Thu, April 17, 2014 /       View Shabbat / Jewish Calendar

JewishBoston.com

Humanistic Judaism: What We Do

by basilevine / February 01, 2011

A few years ago, Rabbi Moshe Waldoks walked in on a meeting I was attending. We were a group of like-minded friends debating our beliefs in order to come up with a clear message about our brand of Humanistic Judaism.  He said that we were doing nothing less than coming up with a creed and emphatically took us to task for wasting time on such a non-Jewish activity. Thus I discovered that we were engaged in a practice and not a belief. Perhaps not news to many, but to me it was profound.

Since that time, I have come across many tracts explaining what we do and even some who try to explain what a Humanistic Jew believes.  What follows is simply put, called:

What We Do

Humanistic Judaism draws on traditions and wisdom from Jewish culture and history.

We strive to become the masters of our own lives and to achieve our own dignity.

We pursue the truth about ourselves and the world around us through the light of reason.

We are willing to live with uncertainty where evidence provides no answer.

We accept ultimate responsibility to work for justice in the world and to guarantee freedom and equality for all people.

We study the history, culture, and experience of the Jewish people, finding inspiration for our own struggle to achieve personal dignity and social justice.

We celebrate the major events of Jewish history, the great moments of personal development, and the seasons of nature through the holidays of the Jewish tradition, infusing these celebrations with our own convictions.

We connect with the experiences of beauty, nature, and ethical idealism, which give meaning to our lives and become the foundation of our own nontheistic spirituality.

We open ourselves to wisdom and beauty from other cultures and have adopted universal standards of tolerance, pluralism, democracy, and equality of status for men and women.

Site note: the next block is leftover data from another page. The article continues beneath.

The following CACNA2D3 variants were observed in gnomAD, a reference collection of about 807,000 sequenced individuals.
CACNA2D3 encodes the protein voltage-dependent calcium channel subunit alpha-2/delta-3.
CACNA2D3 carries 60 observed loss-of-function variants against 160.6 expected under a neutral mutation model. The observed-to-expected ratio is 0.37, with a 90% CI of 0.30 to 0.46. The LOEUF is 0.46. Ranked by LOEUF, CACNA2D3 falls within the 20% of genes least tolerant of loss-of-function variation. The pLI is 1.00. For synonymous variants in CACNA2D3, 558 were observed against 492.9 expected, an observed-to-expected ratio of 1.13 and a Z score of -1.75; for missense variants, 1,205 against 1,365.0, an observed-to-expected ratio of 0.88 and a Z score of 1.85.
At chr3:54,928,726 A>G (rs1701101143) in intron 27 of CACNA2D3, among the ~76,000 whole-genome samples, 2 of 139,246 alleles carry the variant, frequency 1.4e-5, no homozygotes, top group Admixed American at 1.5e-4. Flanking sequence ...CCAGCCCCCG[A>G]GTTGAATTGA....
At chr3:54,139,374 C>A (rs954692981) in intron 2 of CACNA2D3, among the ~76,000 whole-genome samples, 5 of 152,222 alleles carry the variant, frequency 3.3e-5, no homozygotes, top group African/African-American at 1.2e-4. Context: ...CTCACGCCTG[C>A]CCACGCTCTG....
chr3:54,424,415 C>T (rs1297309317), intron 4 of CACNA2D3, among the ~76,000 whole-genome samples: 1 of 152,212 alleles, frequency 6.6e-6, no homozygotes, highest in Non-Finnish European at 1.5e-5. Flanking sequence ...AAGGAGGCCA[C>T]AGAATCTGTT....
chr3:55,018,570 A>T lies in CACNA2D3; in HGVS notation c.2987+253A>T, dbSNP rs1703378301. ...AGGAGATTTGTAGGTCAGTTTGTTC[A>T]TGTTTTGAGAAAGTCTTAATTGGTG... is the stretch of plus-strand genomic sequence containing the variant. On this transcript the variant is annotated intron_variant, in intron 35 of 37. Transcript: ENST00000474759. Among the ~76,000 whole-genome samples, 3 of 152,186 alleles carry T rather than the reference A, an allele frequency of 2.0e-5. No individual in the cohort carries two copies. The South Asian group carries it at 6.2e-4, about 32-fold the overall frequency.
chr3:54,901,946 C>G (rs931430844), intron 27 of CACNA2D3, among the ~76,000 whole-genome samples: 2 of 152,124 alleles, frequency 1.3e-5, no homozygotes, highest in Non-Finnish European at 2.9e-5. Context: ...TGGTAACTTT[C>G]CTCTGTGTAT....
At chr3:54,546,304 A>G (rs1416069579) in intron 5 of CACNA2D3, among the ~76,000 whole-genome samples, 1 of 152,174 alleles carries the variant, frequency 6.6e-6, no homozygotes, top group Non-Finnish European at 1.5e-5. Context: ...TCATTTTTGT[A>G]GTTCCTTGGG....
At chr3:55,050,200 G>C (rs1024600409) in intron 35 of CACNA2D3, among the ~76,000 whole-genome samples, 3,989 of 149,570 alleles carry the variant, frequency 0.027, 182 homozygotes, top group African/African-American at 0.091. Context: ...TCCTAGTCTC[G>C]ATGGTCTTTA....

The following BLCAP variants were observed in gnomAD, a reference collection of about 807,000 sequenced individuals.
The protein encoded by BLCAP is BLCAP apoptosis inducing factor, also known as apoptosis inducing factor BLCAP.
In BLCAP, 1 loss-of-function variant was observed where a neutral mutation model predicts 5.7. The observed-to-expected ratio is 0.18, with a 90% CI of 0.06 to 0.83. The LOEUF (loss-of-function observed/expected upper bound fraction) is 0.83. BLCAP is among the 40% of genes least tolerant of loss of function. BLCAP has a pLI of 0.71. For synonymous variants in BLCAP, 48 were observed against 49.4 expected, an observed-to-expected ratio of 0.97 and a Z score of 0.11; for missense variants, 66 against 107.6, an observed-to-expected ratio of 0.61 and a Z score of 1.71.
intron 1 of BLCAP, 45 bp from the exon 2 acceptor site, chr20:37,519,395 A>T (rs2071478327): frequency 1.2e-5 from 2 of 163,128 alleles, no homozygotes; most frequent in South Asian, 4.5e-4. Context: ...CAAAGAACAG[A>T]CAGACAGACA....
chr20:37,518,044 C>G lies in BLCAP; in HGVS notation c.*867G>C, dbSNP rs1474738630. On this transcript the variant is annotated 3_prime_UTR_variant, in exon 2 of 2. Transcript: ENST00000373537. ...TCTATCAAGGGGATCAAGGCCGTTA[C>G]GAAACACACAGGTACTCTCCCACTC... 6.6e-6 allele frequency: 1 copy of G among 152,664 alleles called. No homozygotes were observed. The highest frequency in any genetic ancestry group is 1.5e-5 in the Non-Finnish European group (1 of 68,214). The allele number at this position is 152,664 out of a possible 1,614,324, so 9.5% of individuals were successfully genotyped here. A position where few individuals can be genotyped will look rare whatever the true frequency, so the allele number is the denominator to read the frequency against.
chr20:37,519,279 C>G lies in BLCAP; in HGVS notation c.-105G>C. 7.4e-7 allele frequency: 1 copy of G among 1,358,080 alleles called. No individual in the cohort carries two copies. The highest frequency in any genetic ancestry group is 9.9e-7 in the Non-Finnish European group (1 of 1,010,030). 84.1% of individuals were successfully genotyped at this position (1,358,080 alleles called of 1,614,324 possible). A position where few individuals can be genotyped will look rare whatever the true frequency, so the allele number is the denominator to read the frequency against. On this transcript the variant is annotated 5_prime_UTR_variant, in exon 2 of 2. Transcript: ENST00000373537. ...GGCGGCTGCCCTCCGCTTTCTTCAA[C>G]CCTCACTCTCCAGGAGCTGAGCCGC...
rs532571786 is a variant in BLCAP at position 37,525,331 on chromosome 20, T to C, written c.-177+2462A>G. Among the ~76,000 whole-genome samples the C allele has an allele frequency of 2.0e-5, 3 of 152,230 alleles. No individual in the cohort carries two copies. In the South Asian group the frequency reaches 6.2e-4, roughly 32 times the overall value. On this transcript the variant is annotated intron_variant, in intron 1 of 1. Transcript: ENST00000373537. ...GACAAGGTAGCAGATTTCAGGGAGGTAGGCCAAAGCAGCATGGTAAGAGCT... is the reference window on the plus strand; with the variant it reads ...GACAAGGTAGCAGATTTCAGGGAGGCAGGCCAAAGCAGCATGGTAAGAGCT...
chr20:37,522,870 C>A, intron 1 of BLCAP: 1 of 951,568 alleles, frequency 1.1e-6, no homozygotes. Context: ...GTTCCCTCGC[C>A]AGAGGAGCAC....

We support the separation of government and religion, and the pursuit of peace.

We use the creativity of the Jewish past whenever it addresses our needs and convictions, always understanding that the creativity of the Jewish present may speak with equal or greater authority.

Although I have no attribution for this, I know it was sent to me in another form which I modified and use here.

Post Comments

Older Comments

To the feb 4th Anon,

 

Humanistic Judaism focuses on humanity, not a supernatural power.  Many Humanistic Jews are Athiests & Agnostics, so we don't pray because we don't think there's anyone to pray to.  What we do believe is that the Jewish civilization is beautiful and glorious and worth preserving.  Many of us were raised within different denominations of Judaism, but our lack of belief in a deity, or discomfort with the philosophical underpinnings of the prayers we were expected to recite, led us to a version of Judaism that focuses on community and a celebration of the human spirit, human accomplishments, and the wonder and beauty of nature.  Individuals within Humanistic Judaism may very well have a belief in a supernatural power of some sort, but the liturgy (much of it homegrown) doesn't focus on God.

What about God?  Any conception of God in Humanistic Judaism?  How do you pray?

Well-written and informative.  Keep up the good work!

Great post, very informative.

Thanks for taking the time to write it up.

Tags for this Post

beliefs humanism humanistic judaism practices

Events

Women Working Together Job Search Strategy Group & Individual Career Coaching
Thursday, April 24, 2014

Women Working Together Job Search Strategy Group & Individual Career Coaching

Career Moves -- a division of JVS | Get Your Career Moving
Riverway Cafe
Thursday, April 24, 2014

Riverway Cafe

Riverway Project
Vilna Shul, Boston's Center for Jewish Culture
Thursday, April 24, 2014

A Bissel Schlissel Challah Baking Workshop

Vilna Shul, Boston's Center for Jewish Culture
Auschwitz or Sinai: Israel and the Culture of Memory
Wednesday, April 30, 2014

Auschwitz or Sinai: Israel and the Culture of Memory

Hebrew College
Beauty & The Beast: The Battle of Identity
Sunday, May 04, 2014

Beauty & The Beast: The Battle of Identity

Eim Chai
Lunch & Learn: Finding Your Leadership Style
Tuesday, May 13, 2014

Lunch & Learn: Finding Your Leadership Style

Career Moves -- a division of JVS | Get Your Career Moving
Interfaith Conversations
Tuesday, June 10, 2014

Interfaith Conversations

Reform Jewish Outreach Boston